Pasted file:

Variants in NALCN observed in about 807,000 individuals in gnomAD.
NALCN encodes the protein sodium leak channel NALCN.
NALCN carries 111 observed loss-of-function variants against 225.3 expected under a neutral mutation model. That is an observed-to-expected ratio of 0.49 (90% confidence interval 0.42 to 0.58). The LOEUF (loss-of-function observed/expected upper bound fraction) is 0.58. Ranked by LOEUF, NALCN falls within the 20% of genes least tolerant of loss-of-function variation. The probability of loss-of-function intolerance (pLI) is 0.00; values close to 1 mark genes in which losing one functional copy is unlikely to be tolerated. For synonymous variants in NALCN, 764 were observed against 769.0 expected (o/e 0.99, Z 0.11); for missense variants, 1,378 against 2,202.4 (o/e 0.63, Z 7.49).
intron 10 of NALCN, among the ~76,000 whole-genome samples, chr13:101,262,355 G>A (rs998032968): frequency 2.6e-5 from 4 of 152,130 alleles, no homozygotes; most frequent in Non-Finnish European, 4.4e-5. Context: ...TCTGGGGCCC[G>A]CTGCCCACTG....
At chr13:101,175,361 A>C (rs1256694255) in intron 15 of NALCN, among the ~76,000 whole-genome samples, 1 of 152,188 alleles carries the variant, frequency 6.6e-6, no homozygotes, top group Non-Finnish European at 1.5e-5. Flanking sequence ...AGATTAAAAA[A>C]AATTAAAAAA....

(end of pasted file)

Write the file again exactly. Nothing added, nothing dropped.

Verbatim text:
Variants in NALCN observed in about 807,000 individuals in gnomAD.
NALCN encodes the protein sodium leak channel NALCN.
NALCN carries 111 observed loss-of-function variants against 225.3 expected under a neutral mutation model. That is an observed-to-expected ratio of 0.49 (90% confidence interval 0.42 to 0.58). The LOEUF (loss-of-function observed/expected upper bound fraction) is 0.58. Ranked by LOEUF, NALCN falls within the 20% of genes least tolerant of loss-of-function variation. The probability of loss-of-function intolerance (pLI) is 0.00; values close to 1 mark genes in which losing one functional copy is unlikely to be tolerated. For synonymous variants in NALCN, 764 were observed against 769.0 expected (o/e 0.99, Z 0.11); for missense variants, 1,378 against 2,202.4 (o/e 0.63, Z 7.49).
intron 10 of NALCN, among the ~76,000 whole-genome samples, chr13:101,262,355 G>A (rs998032968): frequency 2.6e-5 from 4 of 152,130 alleles, no homozygotes; most frequent in Non-Finnish European, 4.4e-5. Context: ...TCTGGGGCCC[G>A]CTGCCCACTG....
At chr13:101,175,361 A>C (rs1256694255) in intron 15 of NALCN, among the ~76,000 whole-genome samples, 1 of 152,188 alleles carries the variant, frequency 6.6e-6, no homozygotes, top group Non-Finnish European at 1.5e-5. Flanking sequence ...AGATTAAAAA[A>C]AATTAAAAAA....